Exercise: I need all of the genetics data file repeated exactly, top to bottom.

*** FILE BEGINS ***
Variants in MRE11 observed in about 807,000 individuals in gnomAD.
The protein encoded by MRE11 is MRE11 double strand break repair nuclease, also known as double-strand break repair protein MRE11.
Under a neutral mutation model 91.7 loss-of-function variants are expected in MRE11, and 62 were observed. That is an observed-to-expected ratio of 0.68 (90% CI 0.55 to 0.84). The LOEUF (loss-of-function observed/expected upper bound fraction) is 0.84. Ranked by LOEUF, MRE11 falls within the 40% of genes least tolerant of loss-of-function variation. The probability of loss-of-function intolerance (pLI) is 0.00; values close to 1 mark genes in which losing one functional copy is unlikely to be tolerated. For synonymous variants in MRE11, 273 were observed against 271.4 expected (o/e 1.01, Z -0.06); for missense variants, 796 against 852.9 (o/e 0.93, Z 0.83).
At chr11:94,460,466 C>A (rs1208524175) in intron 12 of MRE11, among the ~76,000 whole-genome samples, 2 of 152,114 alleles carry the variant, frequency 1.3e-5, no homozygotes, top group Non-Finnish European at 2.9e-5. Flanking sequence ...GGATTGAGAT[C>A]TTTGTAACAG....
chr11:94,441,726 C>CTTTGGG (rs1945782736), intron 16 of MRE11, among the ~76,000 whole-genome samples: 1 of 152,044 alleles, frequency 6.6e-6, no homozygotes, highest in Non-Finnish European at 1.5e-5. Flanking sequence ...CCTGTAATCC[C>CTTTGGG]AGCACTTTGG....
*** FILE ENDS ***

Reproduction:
Variants in MRE11 observed in about 807,000 individuals in gnomAD.
The protein encoded by MRE11 is MRE11 double strand break repair nuclease, also known as double-strand break repair protein MRE11.
Under a neutral mutation model 91.7 loss-of-function variants are expected in MRE11, and 62 were observed. That is an observed-to-expected ratio of 0.68 (90% CI 0.55 to 0.84). The LOEUF (loss-of-function observed/expected upper bound fraction) is 0.84. Ranked by LOEUF, MRE11 falls within the 40% of genes least tolerant of loss-of-function variation. The probability of loss-of-function intolerance (pLI) is 0.00; values close to 1 mark genes in which losing one functional copy is unlikely to be tolerated. For synonymous variants in MRE11, 273 were observed against 271.4 expected (o/e 1.01, Z -0.06); for missense variants, 796 against 852.9 (o/e 0.93, Z 0.83).
At chr11:94,460,466 C>A (rs1208524175) in intron 12 of MRE11, among the ~76,000 whole-genome samples, 2 of 152,114 alleles carry the variant, frequency 1.3e-5, no homozygotes, top group Non-Finnish European at 2.9e-5. Flanking sequence ...GGATTGAGAT[C>A]TTTGTAACAG....
chr11:94,441,726 C>CTTTGGG (rs1945782736), intron 16 of MRE11, among the ~76,000 whole-genome samples: 1 of 152,044 alleles, frequency 6.6e-6, no homozygotes, highest in Non-Finnish European at 1.5e-5. Flanking sequence ...CCTGTAATCC[C>CTTTGGG]AGCACTTTGG....